The European piazzas are among the most celebrated urban spaces in the world, with each of these destinations having a rich history and story-filled past. Yet what makes them such beloved places is better explained by what they don’t have than what they do.
Visit any of these venerable ‘urban stages’ and you’ll find they nearly all have something in common in its space – nothing. No architectural walls, platforms and stairs, no trellises, central fountains and planters, not even trees and benches. What you will find instead is scores of people. What you’ll also find is the things they spontaneously bring with them instead, like foldable furniture (see the permanent breakfasts), blankets, drawing pads and instruments, though usually nothing but themselves. In the photo above, notice the organic clusters of people in the piazza, as well as the surrounding outside dining scene supported by waves of portable furniture.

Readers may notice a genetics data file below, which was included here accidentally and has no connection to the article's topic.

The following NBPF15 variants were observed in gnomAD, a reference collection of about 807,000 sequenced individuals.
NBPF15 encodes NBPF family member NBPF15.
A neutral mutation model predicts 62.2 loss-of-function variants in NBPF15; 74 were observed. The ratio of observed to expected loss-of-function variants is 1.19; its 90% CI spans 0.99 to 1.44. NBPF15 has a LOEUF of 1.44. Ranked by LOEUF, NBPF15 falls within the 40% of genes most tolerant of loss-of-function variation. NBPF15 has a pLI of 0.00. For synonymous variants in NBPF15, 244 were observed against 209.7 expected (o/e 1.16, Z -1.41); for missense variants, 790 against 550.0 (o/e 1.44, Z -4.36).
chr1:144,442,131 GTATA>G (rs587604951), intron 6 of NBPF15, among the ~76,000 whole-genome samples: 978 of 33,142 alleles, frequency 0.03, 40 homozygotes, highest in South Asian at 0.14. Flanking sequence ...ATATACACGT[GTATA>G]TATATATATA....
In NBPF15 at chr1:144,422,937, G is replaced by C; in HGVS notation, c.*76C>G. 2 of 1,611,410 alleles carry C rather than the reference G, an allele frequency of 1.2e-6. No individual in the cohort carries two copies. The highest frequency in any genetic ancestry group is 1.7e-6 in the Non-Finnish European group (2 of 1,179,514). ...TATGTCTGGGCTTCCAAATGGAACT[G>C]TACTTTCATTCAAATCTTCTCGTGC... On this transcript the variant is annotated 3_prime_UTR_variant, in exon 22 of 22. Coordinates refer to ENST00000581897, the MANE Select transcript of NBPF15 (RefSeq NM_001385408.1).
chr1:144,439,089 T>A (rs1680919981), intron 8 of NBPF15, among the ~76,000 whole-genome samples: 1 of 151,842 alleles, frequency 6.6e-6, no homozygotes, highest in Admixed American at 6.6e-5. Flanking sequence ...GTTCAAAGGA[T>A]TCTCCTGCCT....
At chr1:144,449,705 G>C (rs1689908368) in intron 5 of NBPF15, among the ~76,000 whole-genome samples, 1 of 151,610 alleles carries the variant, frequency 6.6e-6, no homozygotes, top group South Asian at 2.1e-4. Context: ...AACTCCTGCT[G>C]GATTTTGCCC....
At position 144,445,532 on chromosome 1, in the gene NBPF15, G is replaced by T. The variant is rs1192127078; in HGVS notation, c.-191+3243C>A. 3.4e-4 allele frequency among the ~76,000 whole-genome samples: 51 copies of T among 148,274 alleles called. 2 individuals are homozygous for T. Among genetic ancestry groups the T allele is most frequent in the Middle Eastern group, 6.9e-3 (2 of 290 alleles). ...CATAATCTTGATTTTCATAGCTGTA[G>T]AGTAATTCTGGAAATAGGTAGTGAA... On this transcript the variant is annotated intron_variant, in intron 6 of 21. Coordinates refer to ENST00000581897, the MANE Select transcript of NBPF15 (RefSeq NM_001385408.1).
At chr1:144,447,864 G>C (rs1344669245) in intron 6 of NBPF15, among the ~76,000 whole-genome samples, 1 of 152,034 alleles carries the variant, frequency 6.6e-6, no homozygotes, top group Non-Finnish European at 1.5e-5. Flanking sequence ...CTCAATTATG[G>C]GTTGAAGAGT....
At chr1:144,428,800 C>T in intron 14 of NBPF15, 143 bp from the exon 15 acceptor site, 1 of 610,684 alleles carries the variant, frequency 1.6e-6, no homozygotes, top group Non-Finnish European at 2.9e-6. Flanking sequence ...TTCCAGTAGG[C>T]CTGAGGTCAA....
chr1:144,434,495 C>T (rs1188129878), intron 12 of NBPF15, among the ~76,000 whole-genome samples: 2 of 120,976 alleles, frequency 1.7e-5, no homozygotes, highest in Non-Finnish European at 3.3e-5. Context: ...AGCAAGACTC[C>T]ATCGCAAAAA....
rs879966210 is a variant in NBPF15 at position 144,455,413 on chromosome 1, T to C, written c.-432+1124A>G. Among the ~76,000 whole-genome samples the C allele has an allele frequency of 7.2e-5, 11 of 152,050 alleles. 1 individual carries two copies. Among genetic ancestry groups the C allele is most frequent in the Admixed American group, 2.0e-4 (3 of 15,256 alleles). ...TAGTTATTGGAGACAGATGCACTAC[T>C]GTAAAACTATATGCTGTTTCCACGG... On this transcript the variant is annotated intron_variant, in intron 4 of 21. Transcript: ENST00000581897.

However, over-designed plazas have become such an icon of decision-makers being out of touch with what people really want and need, that it’s appropriate to document this unfortunate trend via this ‘more community = less architect’ series. Please post examples for this ongoing series here on the CoolTown social network.
Image: Piazza Del Campo, Siena, Italy by ionk.